Prince Harry has visited a pioneering project which is developing new ways of treating wounds suffered by servicemen and women.
The Scar Free Foundation centre for conflict wound research is based at the Queen Elizabeth Hospital in Birmingham.
The Duke of Sussex, himself an Afghanistan veteran, has dedicated much of his time to working for and with people injured serving their country.
The centre is a world-first, researching combat wounds and developing new ways to treat reduce their effects.
In the laboratory the Prince was shown a new battle-ready dressing.
The gel used contains a protein which can significantly reduce scarring on a new wound.
As well as trying to prevent scarring, the project is also working to correct historic scars using laser therapy.
The researchers want to produce the first reliable data about its effectiveness.
The Prince was shown some of the evidence and talked to veteran Karl Hinett, who has received the laser therapy for major scarring from a petrol bomb attack in Iraq.
He said: "We were showing Prince Harry how it works from my own personal experiences.
"It is a form of treatment that is... I had never heard of it until a few years ago, but the results were instant. They were incredible.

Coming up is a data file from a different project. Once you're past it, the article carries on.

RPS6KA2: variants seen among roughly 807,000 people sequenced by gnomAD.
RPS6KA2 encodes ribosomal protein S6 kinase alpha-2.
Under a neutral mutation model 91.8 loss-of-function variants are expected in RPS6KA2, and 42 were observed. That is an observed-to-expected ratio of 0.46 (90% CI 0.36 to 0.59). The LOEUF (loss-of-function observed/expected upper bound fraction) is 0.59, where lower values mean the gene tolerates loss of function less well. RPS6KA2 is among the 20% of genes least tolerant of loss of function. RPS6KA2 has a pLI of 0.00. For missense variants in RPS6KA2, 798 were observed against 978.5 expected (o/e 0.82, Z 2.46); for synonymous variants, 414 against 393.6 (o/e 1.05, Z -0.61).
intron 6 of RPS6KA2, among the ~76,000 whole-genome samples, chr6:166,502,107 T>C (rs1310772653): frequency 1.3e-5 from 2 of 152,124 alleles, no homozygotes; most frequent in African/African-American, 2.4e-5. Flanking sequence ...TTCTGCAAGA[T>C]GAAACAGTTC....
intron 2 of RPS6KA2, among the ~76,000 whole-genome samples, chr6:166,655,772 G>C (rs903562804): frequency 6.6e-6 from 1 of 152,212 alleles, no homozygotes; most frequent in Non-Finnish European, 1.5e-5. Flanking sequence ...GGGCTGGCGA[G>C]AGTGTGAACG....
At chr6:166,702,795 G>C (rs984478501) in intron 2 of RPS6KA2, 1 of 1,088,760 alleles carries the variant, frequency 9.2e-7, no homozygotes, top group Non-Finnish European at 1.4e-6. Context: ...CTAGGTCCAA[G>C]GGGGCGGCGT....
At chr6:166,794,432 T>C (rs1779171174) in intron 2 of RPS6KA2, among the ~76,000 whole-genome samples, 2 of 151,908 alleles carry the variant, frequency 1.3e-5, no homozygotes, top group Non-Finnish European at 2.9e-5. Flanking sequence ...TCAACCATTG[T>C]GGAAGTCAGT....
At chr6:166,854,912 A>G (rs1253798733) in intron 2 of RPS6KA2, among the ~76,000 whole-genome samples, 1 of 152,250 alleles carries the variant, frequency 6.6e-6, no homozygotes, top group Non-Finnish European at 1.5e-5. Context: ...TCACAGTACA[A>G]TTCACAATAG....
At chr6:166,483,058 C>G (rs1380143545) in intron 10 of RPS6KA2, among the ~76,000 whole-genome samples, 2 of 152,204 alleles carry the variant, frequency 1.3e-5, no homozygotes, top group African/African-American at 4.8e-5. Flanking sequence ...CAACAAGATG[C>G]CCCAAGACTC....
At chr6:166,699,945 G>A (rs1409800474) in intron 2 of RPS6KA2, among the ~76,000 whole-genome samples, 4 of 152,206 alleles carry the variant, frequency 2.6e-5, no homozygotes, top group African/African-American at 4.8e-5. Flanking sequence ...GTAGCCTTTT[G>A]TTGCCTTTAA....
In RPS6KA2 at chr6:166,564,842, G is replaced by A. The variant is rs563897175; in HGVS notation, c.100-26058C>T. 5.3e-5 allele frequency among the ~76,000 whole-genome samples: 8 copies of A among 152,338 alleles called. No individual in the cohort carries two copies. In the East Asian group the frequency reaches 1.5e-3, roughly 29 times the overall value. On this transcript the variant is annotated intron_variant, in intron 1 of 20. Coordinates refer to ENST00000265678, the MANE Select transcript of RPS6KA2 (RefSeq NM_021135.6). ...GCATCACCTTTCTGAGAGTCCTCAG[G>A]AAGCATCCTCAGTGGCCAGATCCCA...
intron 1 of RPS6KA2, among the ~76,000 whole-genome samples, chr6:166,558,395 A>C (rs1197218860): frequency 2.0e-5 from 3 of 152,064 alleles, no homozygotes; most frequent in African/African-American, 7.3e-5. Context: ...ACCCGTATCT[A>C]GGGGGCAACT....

"I think he [Prince Harry] was just as surprised as anyone else really, because no one has really heard of it.
"For Prince Harry to come and support this work is incredible, because this study, this treatment is for future generations."
As well as working to reduce the physical scarring, the Scar Free Trust is working on reducing the mental impact an altered appearance can have.
Prince Harry then went to a meeting of veterans and their families, who are central to the work by putting themselves forward as research guinea pigs.
Diana Harcourt is the Director of the Centre for Appearance Research, and said:
"Until now, the research that has been carried out has been with the civilian population.
"There has not been a programme of research like this that has looked at the issues around scarring, or limb loss or gunshot wounds that have altered appearance as a result of military conflict.
"That is what makes this really exciting, is that we are able to learn from those who have been in this situation, use that information to develop supportive interventions which will then go on to help those who are in this situation in the future."